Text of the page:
Feb 23 2022

Tooth Fairy Tidbits

Some pediatric dentists believe that the tooth fairy is so honorable and impressive that she deserves recognition on February 28th and August 22nd. Since National Tooth Fairy Day is celebrated every six months, it serves as a clever reminder for parents to schedule their children’s twice-annual routine dental appointments. Until then, here are three ways to celebrate our favorite magical dental hygiene hero at home.

1. Learn about cultural practices related to lost baby teeth.

During the mid-1920s, American dentists and other oral health enthusiasts developed the idea of the tooth fairy to combat the anxiety and discomfort of losing teeth with the joy of accumulating cold hard cash. 

In a piece published in Salon, Michael Hingston stated that “Every recorded human culture has some kind of tradition surrounding the disposal of a child’s lost baby teeth.” So, here are a few tooth-related traditions from around the world:

Tales of Tooth-Collecting Creatures

While the tooth fairy is synonymous with bringing riches to sleeping children, countries around the world celebrate this milestone with creatures that “buy” children’s teeth from them with coins or gifts.

  • Rodents: While this creature has many names, a tooth mouse visits children in many French and Spanish-speaking countries, some former and present British commonwealth countries, and some European countries.
  • Tooth Troll: In Finland, opposite of the tooth fairy is the “Hammaspeikko,” which translates to “tooth troll.” Actually, this character serves as a metaphor for explaining cavities. According to folklore, the tooth troll is lured by candy and drills holes into the teeth. Thankfully, brushing scares him away!

Feeding Teeth to A Furry Friend

In Mongolia, children are encouraged to hide their lost baby teeth in meat fat and feed them to their dogs. Mongolian children participate in this practice hoping that their adult teeth with be as strong as the bone-eating dog’s teeth.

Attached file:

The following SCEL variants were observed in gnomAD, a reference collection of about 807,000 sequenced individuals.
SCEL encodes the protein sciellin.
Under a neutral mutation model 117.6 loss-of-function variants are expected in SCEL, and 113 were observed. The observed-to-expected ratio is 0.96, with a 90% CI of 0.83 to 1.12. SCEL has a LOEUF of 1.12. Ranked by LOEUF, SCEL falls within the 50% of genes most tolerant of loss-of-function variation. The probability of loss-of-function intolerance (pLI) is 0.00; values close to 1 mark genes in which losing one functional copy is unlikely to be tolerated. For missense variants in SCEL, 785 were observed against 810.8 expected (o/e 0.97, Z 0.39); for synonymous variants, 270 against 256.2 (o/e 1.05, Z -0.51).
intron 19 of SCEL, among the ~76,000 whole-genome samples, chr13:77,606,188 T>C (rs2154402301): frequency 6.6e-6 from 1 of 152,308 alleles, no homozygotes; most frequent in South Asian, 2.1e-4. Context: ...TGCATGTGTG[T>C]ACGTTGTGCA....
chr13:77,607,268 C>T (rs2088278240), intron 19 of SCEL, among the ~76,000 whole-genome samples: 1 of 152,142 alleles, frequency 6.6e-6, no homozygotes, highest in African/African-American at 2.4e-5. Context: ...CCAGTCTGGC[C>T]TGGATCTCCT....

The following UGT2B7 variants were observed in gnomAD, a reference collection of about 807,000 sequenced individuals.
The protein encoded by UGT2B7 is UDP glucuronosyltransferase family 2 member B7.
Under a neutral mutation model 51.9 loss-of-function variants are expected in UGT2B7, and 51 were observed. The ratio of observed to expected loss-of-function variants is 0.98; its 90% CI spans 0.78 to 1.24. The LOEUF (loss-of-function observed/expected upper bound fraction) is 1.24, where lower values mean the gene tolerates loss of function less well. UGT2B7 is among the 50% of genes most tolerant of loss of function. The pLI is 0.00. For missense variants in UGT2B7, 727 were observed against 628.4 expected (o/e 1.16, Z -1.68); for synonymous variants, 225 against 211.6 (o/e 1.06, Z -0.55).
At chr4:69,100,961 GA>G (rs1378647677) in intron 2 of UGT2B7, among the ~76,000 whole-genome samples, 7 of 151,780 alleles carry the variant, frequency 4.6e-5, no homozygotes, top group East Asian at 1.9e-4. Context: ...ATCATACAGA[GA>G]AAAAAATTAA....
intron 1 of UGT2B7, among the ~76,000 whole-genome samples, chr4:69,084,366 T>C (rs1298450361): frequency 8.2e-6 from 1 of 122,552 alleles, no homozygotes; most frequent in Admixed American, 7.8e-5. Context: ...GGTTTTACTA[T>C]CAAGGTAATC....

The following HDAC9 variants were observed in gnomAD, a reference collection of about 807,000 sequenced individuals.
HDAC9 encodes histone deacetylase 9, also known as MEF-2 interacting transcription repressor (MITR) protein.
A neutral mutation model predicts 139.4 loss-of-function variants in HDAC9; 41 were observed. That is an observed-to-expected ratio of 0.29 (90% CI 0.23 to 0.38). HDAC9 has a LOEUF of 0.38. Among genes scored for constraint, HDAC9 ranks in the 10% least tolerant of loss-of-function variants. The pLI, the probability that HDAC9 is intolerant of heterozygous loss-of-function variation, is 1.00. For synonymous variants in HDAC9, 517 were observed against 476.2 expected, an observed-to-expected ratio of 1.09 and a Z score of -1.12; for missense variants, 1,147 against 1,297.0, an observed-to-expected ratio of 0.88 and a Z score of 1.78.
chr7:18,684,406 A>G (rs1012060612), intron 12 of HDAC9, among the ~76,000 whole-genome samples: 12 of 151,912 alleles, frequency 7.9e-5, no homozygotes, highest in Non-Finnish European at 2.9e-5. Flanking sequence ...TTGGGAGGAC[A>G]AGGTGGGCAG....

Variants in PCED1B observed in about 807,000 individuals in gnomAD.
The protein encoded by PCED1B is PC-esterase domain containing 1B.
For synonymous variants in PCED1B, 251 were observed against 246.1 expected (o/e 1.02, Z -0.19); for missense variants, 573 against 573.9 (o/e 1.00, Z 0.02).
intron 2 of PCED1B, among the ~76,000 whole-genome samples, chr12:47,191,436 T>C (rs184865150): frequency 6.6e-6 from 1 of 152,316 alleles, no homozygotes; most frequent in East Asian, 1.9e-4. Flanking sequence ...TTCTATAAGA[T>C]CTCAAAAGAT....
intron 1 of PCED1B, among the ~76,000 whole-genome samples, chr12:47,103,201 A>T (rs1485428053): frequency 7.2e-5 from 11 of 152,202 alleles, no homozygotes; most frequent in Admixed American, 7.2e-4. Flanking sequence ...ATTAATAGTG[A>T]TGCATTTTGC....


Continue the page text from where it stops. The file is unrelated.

What do they do if they don’t have a dog? In this case, Mongolian children bury their teeth in the ground near a big tree so that their new teeth will have strong roots (like the tree).

2. Get creative with DIY tooth fairy projects.

For National Tooth Fairy Day, get festive with art projects the whole family can enjoy:

  • Decorate a picture frame and show off a photo of your child’s toothless smile
  • Draw or color a picture of the tooth fairy
  • Write a letter to the tooth fairy
  • Construct a pillow, pouch, or keepsake box (so that the tooth fairy can find missing teeth easily)
  • Create a tooth fairy puppet and have your children direct a puppet show 

3. Encourage your kids to take care of their teeth.

Losing baby teeth is a normal part of childhood, but losing them too early can be a major health issue. Ideally, establishing healthy habits at a young age is intended to help children remain fit for the rest of their lives. Dr. Matt of Smiles for Kids Dentistry encourages parents to facilitate excellent oral health routines and habits, including:

  • Brushing teeth with a soft toothbrush and toothpaste with fluoride (twice a day)
  • Removing sneaky food particles and plaque between the teeth with floss
  • Eating a balanced diet rich in vitamins, minerals, and nutrients
  • Visiting the dentist at least every six months (for routine cleaning and a checkup)

If it’s been over six months since your child’s last dental appointment, don’t wait any longer. Schedule your child’s next dental appointment in Overland Park, KS. Call (913) 685-9990 or message us online today.

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